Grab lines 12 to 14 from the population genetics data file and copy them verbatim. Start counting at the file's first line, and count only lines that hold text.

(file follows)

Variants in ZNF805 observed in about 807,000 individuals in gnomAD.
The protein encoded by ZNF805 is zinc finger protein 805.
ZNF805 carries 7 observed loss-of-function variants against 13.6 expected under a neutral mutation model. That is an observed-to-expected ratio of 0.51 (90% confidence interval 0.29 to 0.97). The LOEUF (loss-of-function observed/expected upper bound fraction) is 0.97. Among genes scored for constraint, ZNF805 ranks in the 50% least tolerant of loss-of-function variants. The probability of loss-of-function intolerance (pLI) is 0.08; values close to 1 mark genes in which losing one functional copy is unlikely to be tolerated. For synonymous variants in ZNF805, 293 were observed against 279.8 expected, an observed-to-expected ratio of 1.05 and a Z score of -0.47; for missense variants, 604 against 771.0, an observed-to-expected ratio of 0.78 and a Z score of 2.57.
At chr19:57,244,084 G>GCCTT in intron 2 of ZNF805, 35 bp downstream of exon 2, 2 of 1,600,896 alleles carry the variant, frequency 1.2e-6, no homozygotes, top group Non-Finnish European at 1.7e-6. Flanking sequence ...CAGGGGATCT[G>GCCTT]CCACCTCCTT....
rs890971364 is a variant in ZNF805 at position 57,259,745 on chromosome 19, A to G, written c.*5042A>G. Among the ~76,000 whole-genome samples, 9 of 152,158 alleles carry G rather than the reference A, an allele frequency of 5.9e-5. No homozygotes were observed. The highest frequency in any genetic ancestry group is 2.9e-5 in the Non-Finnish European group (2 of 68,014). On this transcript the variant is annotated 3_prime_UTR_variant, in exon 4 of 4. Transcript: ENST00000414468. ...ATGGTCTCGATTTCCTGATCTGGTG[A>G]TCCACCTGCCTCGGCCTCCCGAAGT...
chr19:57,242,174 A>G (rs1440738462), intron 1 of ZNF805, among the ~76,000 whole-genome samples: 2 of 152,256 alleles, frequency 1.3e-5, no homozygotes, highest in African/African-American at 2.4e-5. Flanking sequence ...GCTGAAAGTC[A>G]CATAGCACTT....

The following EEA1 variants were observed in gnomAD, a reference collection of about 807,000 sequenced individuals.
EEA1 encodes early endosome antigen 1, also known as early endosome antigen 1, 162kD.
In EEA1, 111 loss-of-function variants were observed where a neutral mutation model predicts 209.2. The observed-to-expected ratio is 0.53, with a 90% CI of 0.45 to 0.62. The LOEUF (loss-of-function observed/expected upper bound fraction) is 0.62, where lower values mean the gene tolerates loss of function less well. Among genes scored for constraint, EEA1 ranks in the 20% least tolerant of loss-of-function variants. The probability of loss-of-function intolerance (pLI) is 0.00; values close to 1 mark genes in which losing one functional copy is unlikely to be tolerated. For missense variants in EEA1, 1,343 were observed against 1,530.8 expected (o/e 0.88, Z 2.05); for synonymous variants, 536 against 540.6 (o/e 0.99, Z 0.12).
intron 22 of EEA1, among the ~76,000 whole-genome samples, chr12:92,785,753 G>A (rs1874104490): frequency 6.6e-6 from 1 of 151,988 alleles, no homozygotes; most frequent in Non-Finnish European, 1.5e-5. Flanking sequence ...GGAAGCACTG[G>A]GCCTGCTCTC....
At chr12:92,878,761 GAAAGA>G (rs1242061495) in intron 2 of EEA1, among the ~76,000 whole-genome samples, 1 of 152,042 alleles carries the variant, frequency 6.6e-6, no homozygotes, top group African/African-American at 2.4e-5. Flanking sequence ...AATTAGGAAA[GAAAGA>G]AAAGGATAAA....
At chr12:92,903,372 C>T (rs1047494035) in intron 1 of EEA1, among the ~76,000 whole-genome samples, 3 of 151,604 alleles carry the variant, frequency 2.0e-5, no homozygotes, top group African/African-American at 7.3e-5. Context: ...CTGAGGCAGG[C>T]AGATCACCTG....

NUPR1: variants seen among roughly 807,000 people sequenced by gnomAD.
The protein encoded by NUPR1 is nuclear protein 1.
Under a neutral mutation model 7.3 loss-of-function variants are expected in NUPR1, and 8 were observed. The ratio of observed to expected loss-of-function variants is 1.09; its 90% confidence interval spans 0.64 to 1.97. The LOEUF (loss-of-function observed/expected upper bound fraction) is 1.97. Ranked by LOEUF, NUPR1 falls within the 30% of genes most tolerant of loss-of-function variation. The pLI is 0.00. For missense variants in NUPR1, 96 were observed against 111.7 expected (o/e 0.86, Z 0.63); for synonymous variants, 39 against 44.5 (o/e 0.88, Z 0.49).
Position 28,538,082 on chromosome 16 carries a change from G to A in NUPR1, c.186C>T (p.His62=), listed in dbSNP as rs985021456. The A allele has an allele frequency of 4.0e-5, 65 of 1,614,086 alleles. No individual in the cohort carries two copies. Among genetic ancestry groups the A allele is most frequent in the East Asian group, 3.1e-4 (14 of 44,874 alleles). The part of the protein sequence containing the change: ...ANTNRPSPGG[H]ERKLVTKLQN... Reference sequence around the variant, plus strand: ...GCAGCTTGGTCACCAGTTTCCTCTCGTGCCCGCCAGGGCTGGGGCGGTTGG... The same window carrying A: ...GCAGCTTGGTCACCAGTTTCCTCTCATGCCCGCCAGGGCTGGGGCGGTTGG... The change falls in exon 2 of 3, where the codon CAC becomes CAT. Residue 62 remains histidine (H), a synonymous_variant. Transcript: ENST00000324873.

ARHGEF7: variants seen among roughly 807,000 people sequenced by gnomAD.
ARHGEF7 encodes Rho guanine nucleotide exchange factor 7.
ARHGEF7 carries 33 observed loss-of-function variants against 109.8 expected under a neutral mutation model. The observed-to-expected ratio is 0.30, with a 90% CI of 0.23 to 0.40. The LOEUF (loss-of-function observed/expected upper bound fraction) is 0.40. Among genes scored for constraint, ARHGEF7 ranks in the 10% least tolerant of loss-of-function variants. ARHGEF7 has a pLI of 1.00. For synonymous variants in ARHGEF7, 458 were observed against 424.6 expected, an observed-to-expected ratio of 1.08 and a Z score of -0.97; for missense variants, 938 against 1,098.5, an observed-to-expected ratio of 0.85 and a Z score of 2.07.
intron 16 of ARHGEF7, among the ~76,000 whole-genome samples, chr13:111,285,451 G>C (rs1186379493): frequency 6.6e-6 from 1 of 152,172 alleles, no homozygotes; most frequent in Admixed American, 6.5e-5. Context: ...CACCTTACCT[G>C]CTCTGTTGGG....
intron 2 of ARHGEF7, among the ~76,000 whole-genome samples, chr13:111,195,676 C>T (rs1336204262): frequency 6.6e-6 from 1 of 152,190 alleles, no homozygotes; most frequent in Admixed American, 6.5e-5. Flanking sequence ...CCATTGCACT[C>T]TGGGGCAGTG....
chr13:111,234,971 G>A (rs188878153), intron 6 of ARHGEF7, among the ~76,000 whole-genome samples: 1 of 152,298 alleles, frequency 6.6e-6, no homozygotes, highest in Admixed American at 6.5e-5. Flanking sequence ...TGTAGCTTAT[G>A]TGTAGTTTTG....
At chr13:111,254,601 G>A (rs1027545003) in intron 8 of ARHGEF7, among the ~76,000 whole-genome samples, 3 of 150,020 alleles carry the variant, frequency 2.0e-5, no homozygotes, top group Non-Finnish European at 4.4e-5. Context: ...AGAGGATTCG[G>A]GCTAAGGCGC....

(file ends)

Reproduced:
At chr12:92,903,372 C>T (rs1047494035) in intron 1 of EEA1, among the ~76,000 whole-genome samples, 3 of 151,604 alleles carry the variant, frequency 2.0e-5, no homozygotes, top group African/African-American at 7.3e-5. Context: ...CTGAGGCAGG[C>T]AGATCACCTG....

NUPR1: variants seen among roughly 807,000 people sequenced by gnomAD.
The protein encoded by NUPR1 is nuclear protein 1.